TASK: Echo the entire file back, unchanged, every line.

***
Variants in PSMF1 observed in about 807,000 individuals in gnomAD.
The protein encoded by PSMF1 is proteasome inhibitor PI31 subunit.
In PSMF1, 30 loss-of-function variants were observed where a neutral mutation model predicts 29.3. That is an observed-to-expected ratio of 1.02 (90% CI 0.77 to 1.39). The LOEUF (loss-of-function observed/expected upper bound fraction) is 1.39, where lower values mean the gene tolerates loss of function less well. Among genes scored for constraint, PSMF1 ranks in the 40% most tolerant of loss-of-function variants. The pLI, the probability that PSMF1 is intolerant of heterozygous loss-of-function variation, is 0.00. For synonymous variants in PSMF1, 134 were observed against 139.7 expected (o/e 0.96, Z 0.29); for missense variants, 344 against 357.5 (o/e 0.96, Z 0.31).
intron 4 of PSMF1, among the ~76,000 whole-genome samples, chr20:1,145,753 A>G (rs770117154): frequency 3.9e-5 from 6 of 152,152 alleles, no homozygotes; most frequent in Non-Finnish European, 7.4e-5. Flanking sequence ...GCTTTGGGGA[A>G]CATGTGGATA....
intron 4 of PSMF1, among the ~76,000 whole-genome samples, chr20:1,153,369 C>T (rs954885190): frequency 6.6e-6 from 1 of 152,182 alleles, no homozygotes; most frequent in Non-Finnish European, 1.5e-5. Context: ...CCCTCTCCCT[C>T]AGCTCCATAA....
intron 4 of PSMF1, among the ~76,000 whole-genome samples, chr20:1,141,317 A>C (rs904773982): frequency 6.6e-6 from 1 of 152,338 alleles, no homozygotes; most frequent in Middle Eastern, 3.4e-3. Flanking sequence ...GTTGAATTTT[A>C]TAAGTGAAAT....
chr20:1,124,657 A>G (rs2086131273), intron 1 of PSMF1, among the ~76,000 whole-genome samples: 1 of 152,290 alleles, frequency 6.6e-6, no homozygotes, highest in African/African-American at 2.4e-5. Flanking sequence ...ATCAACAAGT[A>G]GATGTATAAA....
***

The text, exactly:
Variants in PSMF1 observed in about 807,000 individuals in gnomAD.
The protein encoded by PSMF1 is proteasome inhibitor PI31 subunit.
In PSMF1, 30 loss-of-function variants were observed where a neutral mutation model predicts 29.3. That is an observed-to-expected ratio of 1.02 (90% CI 0.77 to 1.39). The LOEUF (loss-of-function observed/expected upper bound fraction) is 1.39, where lower values mean the gene tolerates loss of function less well. Among genes scored for constraint, PSMF1 ranks in the 40% most tolerant of loss-of-function variants. The pLI, the probability that PSMF1 is intolerant of heterozygous loss-of-function variation, is 0.00. For synonymous variants in PSMF1, 134 were observed against 139.7 expected (o/e 0.96, Z 0.29); for missense variants, 344 against 357.5 (o/e 0.96, Z 0.31).
intron 4 of PSMF1, among the ~76,000 whole-genome samples, chr20:1,145,753 A>G (rs770117154): frequency 3.9e-5 from 6 of 152,152 alleles, no homozygotes; most frequent in Non-Finnish European, 7.4e-5. Flanking sequence ...GCTTTGGGGA[A>G]CATGTGGATA....
intron 4 of PSMF1, among the ~76,000 whole-genome samples, chr20:1,153,369 C>T (rs954885190): frequency 6.6e-6 from 1 of 152,182 alleles, no homozygotes; most frequent in Non-Finnish European, 1.5e-5. Context: ...CCCTCTCCCT[C>T]AGCTCCATAA....
intron 4 of PSMF1, among the ~76,000 whole-genome samples, chr20:1,141,317 A>C (rs904773982): frequency 6.6e-6 from 1 of 152,338 alleles, no homozygotes; most frequent in Middle Eastern, 3.4e-3. Flanking sequence ...GTTGAATTTT[A>C]TAAGTGAAAT....
chr20:1,124,657 A>G (rs2086131273), intron 1 of PSMF1, among the ~76,000 whole-genome samples: 1 of 152,290 alleles, frequency 6.6e-6, no homozygotes, highest in African/African-American at 2.4e-5. Flanking sequence ...ATCAACAAGT[A>G]GATGTATAAA....